Bruno Mars told the sold-out crowd at the TD Garden Wednesday night that he was determined to make them sweat.
Exactly 90 minutes later, it’s fair to say that plenty of the 14,785 fans in attendance left with more than a few beads of perspiration on their brow thanks to the indefatigable singer-songwriter’s ecstatic approach to performing.
On tour for his crackerjack 2012 release “Unorthodox Jukebox,” Mars was in motion from the first downbeat of opener “Moonshine,” executing a series of slick synchronized steps alongside his fluidly grooving 8-piece band, all in matching red suits.
The energy never flagged as Mars displayed his flair for dramatics and classic showmanship, twisting, thrusting, and shimmying through retro soul jams — including the Prince-ly “Treasure” — gospel pleaders, breezy reggae ditties, and fizzy pop songs.
Mars has chosen his band wisely as they not only bring his music to life but match his enthusiasm and hit every step alongside the boss.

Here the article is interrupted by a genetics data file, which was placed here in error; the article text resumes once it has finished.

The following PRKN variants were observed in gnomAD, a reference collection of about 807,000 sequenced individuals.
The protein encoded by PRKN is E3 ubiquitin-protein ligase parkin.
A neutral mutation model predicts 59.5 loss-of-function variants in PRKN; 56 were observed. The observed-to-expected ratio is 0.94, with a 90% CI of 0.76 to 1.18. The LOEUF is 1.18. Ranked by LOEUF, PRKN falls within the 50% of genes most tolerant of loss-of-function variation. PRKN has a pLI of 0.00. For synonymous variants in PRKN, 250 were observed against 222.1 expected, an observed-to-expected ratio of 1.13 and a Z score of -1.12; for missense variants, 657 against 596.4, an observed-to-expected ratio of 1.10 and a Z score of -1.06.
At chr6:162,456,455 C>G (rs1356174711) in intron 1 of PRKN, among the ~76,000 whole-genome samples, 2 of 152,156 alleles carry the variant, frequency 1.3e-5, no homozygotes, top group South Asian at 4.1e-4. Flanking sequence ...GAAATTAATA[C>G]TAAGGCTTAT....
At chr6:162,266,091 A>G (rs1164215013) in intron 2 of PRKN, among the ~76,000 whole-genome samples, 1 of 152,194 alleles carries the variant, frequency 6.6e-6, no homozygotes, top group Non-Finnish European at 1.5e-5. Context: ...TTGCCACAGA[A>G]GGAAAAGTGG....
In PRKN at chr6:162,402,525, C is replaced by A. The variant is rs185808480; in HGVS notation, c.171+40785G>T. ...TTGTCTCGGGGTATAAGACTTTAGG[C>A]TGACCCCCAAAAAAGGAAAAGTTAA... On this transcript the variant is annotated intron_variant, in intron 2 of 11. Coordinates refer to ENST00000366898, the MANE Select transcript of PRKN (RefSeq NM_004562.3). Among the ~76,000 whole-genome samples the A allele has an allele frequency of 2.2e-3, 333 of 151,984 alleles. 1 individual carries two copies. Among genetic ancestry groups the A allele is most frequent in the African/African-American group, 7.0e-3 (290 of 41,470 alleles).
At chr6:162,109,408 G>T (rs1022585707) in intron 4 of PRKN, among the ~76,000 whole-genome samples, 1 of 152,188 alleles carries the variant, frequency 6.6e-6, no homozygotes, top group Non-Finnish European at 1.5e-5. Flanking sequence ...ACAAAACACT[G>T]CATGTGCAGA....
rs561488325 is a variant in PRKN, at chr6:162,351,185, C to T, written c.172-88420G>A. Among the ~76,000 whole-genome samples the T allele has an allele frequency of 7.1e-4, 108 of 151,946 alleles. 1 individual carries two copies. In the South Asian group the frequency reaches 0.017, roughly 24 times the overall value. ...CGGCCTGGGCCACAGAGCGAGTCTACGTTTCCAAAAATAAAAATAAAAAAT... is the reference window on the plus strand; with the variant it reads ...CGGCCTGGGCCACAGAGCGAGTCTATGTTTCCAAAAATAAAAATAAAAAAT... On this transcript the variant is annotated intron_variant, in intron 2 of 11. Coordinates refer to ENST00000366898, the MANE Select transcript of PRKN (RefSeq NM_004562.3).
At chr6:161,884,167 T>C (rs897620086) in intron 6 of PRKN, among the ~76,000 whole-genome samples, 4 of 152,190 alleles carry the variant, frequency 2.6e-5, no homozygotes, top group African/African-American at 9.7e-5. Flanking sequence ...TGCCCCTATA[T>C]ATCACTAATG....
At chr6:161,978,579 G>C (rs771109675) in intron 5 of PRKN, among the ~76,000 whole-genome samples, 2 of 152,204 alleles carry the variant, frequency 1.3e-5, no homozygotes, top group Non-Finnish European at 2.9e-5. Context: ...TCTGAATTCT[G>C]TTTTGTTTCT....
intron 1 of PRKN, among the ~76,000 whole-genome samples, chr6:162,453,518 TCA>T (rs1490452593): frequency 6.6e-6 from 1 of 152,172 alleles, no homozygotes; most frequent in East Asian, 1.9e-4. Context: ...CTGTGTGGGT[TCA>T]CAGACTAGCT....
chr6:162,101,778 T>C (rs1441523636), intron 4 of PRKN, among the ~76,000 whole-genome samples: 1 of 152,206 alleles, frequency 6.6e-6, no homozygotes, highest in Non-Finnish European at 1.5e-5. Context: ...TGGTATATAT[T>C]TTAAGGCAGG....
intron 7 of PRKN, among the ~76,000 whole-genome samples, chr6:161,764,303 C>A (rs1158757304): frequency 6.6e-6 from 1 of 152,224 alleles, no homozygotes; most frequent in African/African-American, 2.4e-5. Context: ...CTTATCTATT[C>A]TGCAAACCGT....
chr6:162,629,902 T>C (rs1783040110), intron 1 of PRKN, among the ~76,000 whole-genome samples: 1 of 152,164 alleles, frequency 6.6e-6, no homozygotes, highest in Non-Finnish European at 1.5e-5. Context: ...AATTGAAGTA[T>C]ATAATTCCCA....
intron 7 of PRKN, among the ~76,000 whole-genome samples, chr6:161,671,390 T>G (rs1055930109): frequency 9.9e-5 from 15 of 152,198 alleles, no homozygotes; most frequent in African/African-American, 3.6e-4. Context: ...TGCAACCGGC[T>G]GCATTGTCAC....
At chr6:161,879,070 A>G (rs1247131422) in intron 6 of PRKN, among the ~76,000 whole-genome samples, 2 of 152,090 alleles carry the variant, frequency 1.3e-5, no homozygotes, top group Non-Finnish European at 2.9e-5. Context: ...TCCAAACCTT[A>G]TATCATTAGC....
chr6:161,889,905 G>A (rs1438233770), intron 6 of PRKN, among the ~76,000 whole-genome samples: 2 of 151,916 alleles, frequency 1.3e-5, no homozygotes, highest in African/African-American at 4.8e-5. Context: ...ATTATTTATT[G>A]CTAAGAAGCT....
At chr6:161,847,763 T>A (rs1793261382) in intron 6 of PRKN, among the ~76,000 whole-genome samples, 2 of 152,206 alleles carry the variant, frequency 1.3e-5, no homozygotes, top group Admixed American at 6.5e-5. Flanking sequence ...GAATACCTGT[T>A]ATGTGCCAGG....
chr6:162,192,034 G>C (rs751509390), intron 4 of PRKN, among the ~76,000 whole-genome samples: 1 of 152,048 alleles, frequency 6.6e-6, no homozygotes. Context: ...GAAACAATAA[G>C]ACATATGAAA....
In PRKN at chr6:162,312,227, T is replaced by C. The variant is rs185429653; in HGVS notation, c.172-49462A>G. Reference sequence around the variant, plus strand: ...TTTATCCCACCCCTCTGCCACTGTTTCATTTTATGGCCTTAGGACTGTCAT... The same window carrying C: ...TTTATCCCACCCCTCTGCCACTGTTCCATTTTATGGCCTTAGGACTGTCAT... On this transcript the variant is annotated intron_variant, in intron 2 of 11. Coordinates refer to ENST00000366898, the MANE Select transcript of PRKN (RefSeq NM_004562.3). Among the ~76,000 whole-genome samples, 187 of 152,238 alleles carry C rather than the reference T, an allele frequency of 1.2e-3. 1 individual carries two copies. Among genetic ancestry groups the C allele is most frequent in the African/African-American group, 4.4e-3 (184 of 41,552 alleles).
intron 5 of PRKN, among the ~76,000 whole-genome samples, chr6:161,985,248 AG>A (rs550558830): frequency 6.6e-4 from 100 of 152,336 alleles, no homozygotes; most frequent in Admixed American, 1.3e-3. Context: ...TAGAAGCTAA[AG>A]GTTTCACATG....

Even as he did his best James Brown shuffle, Mars never dropped a note, singing with power and nuance and imbuing each song with just the right flavor: a playful lightness on “Billionaire,” a touch of grit in the impassioned “If I Knew,” an emotional quiver for the piano ballad “When I Was Your Man” — the night’s loudest singalong — and keening desperation for “Grenade.”
Mars also managed to peel off a few short but sizzling guitar solos and even took a quick turn behind the drums, before ending the night with the one-two zap of “Locked out of Heaven” and “Gorilla.”
Given his early declaration of exhausting the audience, one of the most impressive aspects of the confetti and pyro-strewn performance was how effortless it all seemed for Mars. Clearly, much work, planning, and rehearsal went in to the show, but Mars made it look easy.
Los Angeles soul popsters Fitz and the Tantrums proved to be a high-energy complement as openers.Sarah Rodman can be reached at firstname.lastname@example.org. Follow her on Twitter @GlobeRodman